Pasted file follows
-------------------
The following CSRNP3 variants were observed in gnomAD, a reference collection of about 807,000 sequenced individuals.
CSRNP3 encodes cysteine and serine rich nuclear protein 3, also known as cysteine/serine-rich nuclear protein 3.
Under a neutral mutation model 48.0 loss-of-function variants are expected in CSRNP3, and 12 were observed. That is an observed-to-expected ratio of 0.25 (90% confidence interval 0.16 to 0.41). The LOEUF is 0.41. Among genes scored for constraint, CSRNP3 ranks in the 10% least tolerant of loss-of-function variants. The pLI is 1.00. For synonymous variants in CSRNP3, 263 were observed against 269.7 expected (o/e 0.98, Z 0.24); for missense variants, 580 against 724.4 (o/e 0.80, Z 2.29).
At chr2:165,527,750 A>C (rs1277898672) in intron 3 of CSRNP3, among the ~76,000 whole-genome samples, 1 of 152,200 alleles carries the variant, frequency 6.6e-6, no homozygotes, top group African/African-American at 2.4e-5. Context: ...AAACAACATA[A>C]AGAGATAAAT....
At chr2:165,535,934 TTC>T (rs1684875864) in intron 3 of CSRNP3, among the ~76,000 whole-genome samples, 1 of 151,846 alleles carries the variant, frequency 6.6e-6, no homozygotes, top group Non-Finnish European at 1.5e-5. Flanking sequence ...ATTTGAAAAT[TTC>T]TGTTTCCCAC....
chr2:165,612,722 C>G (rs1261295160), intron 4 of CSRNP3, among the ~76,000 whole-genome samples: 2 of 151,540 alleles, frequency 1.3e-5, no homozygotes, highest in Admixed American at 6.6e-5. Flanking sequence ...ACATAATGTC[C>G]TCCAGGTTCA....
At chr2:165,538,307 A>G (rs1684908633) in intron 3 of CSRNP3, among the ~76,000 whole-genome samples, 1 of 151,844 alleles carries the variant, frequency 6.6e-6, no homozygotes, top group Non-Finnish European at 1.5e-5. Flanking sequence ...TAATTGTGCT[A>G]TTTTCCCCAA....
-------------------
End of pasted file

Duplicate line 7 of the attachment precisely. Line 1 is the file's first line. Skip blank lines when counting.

At chr2:165,538,307 A>G (rs1684908633) in intron 3 of CSRNP3, among the ~76,000 whole-genome samples, 1 of 151,844 alleles carries the variant, frequency 6.6e-6, no homozygotes, top group Non-Finnish European at 1.5e-5. Flanking sequence ...TAATTGTGCT[A>G]TTTTCCCCAA....